April 07, 1975 12:00 PM

When the 50 newsmen of Washington’s exclusive Gridiron Club recently admitted their first woman member—veteran UPI reporter Helen Thomas—they hoped that a counter-Gridiron movement, launched last year by protesting female journalists, would wither away. Fat chance. Miss Thomas’ inclusion was cause for only a minor celebration at this year’s lively counter-Gridiron party, where a number of buttons grumpily noted that “One Is Not Enough” and “Tokens Are For Subways.”

The party raised an estimated $5,000 for the Reporters Committee for Freedom of the Press and, as before, upstaged its black-tie rival. Instead of steak and wine, the counter-Gridiron menu was chili and beer. Costumes ranged from tuxedo T-shirts to blue serge. Oddly, one of the few over-dressed participants was liberation leader Gloria Steinem in a sleek black dress, heels and nylons. For 50 cents she signed pardons for men who had committed male chauvinist sins in the past, then later was auctioned off for $65 as a dancing partner.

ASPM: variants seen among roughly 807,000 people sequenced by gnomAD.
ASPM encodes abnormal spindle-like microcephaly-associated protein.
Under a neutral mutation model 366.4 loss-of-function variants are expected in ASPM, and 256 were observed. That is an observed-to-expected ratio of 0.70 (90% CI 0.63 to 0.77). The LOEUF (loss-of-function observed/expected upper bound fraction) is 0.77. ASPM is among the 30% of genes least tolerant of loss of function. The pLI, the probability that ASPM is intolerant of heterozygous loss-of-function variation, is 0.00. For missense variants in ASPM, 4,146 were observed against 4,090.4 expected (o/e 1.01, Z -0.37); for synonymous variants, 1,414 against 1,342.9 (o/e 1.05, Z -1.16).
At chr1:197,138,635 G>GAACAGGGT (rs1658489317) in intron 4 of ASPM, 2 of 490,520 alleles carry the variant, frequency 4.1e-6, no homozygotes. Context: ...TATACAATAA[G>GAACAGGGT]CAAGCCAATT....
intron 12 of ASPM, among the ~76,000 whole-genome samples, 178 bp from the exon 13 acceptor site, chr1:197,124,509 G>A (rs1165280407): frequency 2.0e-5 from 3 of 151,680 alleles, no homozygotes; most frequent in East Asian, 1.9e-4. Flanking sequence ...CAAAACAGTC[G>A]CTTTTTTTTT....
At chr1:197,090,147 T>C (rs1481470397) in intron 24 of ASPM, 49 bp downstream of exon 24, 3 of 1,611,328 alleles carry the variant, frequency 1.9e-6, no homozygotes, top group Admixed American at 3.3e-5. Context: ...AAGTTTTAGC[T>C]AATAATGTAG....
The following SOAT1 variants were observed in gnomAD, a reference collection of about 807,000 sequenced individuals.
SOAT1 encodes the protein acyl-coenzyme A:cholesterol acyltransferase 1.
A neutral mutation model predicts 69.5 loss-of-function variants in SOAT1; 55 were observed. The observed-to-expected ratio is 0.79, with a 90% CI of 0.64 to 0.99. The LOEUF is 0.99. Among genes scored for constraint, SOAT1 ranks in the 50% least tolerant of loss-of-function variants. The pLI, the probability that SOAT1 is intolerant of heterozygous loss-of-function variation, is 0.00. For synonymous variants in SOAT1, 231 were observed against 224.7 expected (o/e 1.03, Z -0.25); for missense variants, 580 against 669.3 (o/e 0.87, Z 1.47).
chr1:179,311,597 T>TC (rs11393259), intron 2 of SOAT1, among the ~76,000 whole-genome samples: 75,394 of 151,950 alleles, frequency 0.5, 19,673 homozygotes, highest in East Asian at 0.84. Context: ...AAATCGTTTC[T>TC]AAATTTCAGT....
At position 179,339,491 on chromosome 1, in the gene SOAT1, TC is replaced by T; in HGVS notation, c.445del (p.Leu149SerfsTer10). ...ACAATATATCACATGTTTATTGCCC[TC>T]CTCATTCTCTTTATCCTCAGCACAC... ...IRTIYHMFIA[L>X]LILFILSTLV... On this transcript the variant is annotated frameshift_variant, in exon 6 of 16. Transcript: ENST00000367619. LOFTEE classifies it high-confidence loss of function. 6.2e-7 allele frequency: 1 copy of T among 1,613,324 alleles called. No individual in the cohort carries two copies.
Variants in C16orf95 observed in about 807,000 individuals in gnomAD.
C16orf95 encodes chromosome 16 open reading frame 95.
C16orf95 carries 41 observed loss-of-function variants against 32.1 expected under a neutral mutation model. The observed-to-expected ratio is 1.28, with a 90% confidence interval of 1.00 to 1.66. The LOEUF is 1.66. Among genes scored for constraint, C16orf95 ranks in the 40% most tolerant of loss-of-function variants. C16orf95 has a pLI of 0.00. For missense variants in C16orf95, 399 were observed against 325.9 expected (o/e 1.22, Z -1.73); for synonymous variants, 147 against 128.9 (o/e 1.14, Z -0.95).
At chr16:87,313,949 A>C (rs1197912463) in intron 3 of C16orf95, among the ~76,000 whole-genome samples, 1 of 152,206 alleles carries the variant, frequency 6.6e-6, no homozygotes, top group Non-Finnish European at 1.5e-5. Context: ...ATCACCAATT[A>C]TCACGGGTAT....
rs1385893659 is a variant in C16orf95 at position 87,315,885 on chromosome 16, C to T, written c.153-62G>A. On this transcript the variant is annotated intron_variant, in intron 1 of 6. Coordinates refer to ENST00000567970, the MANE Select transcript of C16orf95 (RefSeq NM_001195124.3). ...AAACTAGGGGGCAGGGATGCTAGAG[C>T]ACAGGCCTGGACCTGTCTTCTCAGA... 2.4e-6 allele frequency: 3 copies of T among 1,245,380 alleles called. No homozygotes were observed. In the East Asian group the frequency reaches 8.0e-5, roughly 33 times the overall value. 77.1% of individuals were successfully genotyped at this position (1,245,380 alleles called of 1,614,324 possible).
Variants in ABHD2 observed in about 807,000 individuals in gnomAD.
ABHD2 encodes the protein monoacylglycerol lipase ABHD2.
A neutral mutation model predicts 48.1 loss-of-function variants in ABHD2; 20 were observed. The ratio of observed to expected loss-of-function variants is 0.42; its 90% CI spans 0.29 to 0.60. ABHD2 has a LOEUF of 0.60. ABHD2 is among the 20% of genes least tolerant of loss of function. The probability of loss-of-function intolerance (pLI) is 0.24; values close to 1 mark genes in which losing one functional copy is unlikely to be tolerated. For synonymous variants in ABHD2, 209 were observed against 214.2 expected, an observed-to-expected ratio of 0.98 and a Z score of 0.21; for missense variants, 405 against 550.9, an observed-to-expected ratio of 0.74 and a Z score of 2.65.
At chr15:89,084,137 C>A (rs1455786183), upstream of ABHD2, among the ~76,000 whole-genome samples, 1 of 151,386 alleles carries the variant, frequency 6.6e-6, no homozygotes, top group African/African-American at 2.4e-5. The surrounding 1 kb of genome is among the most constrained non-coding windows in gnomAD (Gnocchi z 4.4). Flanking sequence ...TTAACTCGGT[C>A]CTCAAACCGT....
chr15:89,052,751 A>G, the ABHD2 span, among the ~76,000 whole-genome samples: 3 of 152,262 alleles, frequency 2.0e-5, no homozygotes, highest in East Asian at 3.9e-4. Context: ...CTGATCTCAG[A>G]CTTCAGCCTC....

As usual, megamouthed Martha Mitchell held forth in a telephone booth, dialing numbers anywhere for a mere $5 per call. Barbara Mandel, who until recently shared the Maryland governor’s mansion with her ex-husband Marvin Mandel, ran the “Pin the Tail on the Pig” game. The pig wore a top hat and was named Marvin.

Puckering for 50 cents per smooch were Washington Post columnist Nicholas von Hoffman and gadabout Barbara Howar—who stole the show with a technique that frequently left her customers open-mouthed. For covering the Bingo numbers announced by Sen. Ed Muskie, Treasury Secretary Bill Simon earned the crowd’s gratitude and a WIN button. Writer Sally Quinn donated two dozen lemon squares, about one for every week of her aborted CBS-TV career in 1973. The evening was not a total victory for feminism. When Bill Simon introduced the new HUD Secretary Carla Hills to a friend, the response was an oink: “Oh, how nice, you’re Bill’s secretary?”

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